Chemotaxis Toward Crude Oil by an Oil-Degrading Pseudomonas aeruginosa 6-1B Strain

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VOLUME 70 , ISSUE 1 (March 2021) > List of articles

Chemotaxis Toward Crude Oil by an Oil-Degrading Pseudomonas aeruginosa 6-1B Strain

KAIQIANG LIANG * / RUIMIN GAO / CHENGJUN WANG / WEIBO WANG / WEI YAN

Keywords : chemotaxis, crude oil, Pseudomonas aeruginosa 6-1B, swarm plate assay, modified agarose plug assay

Citation Information : Polish Journal of Microbiology. Volume 70, Issue 1, Pages 69-78, DOI: https://doi.org/10.33073/pjm-2021-006

License : (CC-BY-NC-ND 4.0)

Received Date : 16-October-2020 / Accepted: 17-January-2021 / Published Online: 19-March-2021

ARTICLE

ABSTRACT

The chemotactic properties of an oil-degrading Pseudomonas aeruginosa strain 6-1B, isolated from Daqing Oilfield, China, have been investigated. The strain 6-1B could grow well in crude oil with a specific rhamnolipid biosurfactant production. Furthermore, it exhibits chemotaxis toward various substrates, including glycine, glycerol, glucose, and sucrose. Compared with another oil-degrading strain, T7-2, the strain 6-1B presented a better chemotactic response towards crude oil and its vital component, n-alkenes. Based on the observed distribution of the strain 6-1B cells around the oil droplet in the chemotactic assays, the potential chemotaxis process of bacteria toward crude oil could be summarized in the following steps: searching, moving and consuming.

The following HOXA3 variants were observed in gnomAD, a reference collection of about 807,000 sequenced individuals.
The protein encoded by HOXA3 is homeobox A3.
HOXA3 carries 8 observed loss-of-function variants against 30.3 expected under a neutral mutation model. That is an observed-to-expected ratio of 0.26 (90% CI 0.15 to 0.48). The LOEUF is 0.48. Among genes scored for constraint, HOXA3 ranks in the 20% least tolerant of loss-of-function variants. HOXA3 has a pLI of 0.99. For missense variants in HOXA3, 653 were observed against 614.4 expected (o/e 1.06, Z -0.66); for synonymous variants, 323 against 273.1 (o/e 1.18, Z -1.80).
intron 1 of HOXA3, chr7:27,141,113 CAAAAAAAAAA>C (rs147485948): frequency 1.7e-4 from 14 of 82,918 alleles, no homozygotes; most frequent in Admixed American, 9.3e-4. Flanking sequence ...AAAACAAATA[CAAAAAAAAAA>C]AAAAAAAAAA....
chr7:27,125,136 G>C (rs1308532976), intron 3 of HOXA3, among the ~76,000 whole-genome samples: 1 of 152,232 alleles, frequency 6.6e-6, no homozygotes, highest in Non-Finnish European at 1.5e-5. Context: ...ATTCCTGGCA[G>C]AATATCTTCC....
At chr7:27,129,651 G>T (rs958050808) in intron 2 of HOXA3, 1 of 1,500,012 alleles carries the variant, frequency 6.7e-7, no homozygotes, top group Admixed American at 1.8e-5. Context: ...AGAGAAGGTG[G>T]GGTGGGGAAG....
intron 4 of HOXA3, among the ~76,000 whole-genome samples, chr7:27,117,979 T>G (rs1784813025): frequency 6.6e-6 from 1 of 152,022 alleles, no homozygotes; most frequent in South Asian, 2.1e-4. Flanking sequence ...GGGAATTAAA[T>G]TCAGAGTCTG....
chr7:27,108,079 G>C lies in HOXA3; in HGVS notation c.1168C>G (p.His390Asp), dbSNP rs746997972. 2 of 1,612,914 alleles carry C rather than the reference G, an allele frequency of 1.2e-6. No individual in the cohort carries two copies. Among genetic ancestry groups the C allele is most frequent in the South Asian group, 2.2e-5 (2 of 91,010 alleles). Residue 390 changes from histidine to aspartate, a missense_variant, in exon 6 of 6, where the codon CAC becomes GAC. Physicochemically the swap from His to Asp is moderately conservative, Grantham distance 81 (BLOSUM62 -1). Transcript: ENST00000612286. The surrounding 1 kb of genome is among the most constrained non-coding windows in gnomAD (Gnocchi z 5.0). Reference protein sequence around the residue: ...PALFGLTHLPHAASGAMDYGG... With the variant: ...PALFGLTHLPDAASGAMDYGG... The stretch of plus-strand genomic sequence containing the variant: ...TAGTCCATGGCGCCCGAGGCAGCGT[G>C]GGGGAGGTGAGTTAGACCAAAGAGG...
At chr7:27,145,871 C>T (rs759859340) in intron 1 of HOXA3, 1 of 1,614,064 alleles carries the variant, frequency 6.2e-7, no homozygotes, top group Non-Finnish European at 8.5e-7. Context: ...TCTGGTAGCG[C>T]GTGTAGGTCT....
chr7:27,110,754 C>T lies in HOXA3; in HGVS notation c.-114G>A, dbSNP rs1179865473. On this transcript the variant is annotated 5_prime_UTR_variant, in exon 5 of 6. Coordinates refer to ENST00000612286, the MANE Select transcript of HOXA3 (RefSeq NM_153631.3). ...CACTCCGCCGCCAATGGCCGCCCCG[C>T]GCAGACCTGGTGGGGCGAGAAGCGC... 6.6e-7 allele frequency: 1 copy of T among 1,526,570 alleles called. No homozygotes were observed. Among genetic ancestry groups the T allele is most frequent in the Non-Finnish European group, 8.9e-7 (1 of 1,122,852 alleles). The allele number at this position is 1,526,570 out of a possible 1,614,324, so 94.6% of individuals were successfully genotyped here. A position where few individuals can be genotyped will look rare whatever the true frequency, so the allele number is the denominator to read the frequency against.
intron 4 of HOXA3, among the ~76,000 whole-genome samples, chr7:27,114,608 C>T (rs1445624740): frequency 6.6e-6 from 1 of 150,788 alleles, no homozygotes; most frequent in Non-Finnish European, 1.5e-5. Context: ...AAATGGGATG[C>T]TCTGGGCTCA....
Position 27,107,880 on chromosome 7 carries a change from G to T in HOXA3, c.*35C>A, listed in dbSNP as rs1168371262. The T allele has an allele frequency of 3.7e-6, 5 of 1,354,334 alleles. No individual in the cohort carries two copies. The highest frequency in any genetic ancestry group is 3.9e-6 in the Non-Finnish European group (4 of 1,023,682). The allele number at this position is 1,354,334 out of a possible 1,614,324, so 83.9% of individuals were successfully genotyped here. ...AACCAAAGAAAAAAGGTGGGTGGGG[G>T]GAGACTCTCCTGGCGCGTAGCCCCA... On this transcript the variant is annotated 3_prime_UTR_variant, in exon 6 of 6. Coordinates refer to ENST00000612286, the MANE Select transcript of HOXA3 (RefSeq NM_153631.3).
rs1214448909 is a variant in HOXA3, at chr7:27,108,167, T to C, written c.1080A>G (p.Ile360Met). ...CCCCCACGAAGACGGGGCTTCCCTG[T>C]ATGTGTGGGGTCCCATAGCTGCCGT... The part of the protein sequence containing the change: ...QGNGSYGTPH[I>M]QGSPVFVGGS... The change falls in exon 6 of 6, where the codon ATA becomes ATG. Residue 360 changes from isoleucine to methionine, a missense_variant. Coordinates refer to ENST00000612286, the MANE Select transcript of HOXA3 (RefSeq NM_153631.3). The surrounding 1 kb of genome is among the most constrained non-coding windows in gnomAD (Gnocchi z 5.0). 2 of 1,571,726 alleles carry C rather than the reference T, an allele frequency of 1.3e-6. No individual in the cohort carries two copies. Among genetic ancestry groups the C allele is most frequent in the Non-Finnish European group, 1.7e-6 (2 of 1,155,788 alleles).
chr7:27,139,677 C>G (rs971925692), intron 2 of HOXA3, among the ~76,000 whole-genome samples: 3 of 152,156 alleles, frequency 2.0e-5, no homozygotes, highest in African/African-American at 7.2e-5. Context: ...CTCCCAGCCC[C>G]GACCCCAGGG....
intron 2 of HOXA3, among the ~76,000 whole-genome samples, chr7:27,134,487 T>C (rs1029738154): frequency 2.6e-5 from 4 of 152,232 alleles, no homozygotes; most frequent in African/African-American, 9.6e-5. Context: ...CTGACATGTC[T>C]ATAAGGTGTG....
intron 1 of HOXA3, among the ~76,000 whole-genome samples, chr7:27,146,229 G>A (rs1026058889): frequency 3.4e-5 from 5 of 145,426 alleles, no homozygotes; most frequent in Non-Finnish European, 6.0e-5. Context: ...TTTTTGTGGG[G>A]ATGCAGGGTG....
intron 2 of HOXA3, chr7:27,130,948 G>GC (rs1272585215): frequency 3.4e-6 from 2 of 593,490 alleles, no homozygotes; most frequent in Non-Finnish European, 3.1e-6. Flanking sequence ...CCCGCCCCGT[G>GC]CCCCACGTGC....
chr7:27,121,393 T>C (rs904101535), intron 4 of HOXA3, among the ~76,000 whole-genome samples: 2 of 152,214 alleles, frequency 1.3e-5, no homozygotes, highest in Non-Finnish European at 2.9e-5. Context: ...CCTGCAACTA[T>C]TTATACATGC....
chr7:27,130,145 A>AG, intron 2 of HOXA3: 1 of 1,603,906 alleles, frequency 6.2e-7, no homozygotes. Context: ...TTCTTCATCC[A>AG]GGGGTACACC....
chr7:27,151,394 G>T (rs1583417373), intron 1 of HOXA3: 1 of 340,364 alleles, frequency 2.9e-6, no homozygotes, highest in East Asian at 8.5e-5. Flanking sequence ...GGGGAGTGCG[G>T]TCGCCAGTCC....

Graphical ABSTRACT

Introduction

Microbial enhanced oil recovery (MEOR) is an environment-friendly process that may be useful to petroleum recovery. MEOR may be an efficient and inexpensive alternative method to enhance the physicochemical recovery of oil (EOR) (Kryachko 2018). Microorganisms can be used to reduce the paraffin build-up in producing wells, produce solvents or polymers above ground, and for pumping into the oil-bearing formation, as in EOR (Brown 2010). It is widely accepted that microorganisms can enhance oil recovery by their ability to produce some metabolic products, including biosurfactants. Biosurfactants are one of the most important microbial metabolic products that can reduce surface tension in oil and facilitate the emulsification of oil in with water. The latter increases the bioavailability of the residual crude oil and enhances its biodegradability (Batista et al. 2006). Furthermore, the properties of the microbes themselves, such as high cell surface hydrophobicity and motility, help them to attach to the interface and the surface of oil droplets in sandstones and carbonate strata (Rocha et al. 2020). The degradation of crude oil generally occurs at oil-water points of contact. The oil-water contact provides conditions that are the most conducive to microbial activity. The transport of hydrocarbons from the oil droplets will provide a plentiful supply of electron donors needed for metabolism, whereas inorganic nutrients required for microbial growth can be transported by water flow or diffusion to the biosphere on the oil-water contact (Head et al. 2003).